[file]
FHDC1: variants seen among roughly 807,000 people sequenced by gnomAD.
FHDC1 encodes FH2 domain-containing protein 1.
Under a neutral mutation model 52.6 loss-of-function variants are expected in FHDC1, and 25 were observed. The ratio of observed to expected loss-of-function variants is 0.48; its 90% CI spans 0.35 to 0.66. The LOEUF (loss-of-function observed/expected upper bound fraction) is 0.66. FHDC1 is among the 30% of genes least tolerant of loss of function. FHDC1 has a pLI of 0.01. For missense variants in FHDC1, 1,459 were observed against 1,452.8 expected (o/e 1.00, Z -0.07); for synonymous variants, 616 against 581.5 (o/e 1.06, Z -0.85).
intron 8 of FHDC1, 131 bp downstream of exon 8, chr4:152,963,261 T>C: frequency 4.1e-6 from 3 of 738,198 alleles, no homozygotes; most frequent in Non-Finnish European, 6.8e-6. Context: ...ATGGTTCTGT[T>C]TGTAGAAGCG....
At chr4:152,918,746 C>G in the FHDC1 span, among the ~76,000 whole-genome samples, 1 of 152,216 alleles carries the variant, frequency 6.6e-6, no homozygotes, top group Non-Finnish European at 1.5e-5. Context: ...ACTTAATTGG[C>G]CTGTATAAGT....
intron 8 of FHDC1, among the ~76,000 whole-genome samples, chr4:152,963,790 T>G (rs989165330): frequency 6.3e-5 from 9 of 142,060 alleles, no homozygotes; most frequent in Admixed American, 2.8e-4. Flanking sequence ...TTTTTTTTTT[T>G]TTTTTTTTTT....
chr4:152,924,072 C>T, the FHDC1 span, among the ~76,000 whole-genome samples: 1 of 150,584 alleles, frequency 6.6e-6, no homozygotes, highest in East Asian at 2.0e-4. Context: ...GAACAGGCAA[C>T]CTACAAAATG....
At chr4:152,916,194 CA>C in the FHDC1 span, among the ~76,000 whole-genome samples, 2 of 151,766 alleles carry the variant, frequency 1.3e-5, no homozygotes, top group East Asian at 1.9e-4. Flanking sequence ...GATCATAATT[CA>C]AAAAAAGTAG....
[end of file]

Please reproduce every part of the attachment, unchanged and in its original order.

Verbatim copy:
FHDC1: variants seen among roughly 807,000 people sequenced by gnomAD.
FHDC1 encodes FH2 domain-containing protein 1.
Under a neutral mutation model 52.6 loss-of-function variants are expected in FHDC1, and 25 were observed. The ratio of observed to expected loss-of-function variants is 0.48; its 90% CI spans 0.35 to 0.66. The LOEUF (loss-of-function observed/expected upper bound fraction) is 0.66. FHDC1 is among the 30% of genes least tolerant of loss of function. FHDC1 has a pLI of 0.01. For missense variants in FHDC1, 1,459 were observed against 1,452.8 expected (o/e 1.00, Z -0.07); for synonymous variants, 616 against 581.5 (o/e 1.06, Z -0.85).
intron 8 of FHDC1, 131 bp downstream of exon 8, chr4:152,963,261 T>C: frequency 4.1e-6 from 3 of 738,198 alleles, no homozygotes; most frequent in Non-Finnish European, 6.8e-6. Context: ...ATGGTTCTGT[T>C]TGTAGAAGCG....
At chr4:152,918,746 C>G in the FHDC1 span, among the ~76,000 whole-genome samples, 1 of 152,216 alleles carries the variant, frequency 6.6e-6, no homozygotes, top group Non-Finnish European at 1.5e-5. Context: ...ACTTAATTGG[C>G]CTGTATAAGT....
intron 8 of FHDC1, among the ~76,000 whole-genome samples, chr4:152,963,790 T>G (rs989165330): frequency 6.3e-5 from 9 of 142,060 alleles, no homozygotes; most frequent in Admixed American, 2.8e-4. Flanking sequence ...TTTTTTTTTT[T>G]TTTTTTTTTT....
chr4:152,924,072 C>T, the FHDC1 span, among the ~76,000 whole-genome samples: 1 of 150,584 alleles, frequency 6.6e-6, no homozygotes, highest in East Asian at 2.0e-4. Context: ...GAACAGGCAA[C>T]CTACAAAATG....
At chr4:152,916,194 CA>C in the FHDC1 span, among the ~76,000 whole-genome samples, 2 of 151,766 alleles carry the variant, frequency 1.3e-5, no homozygotes, top group East Asian at 1.9e-4. Flanking sequence ...GATCATAATT[CA>C]AAAAAAGTAG....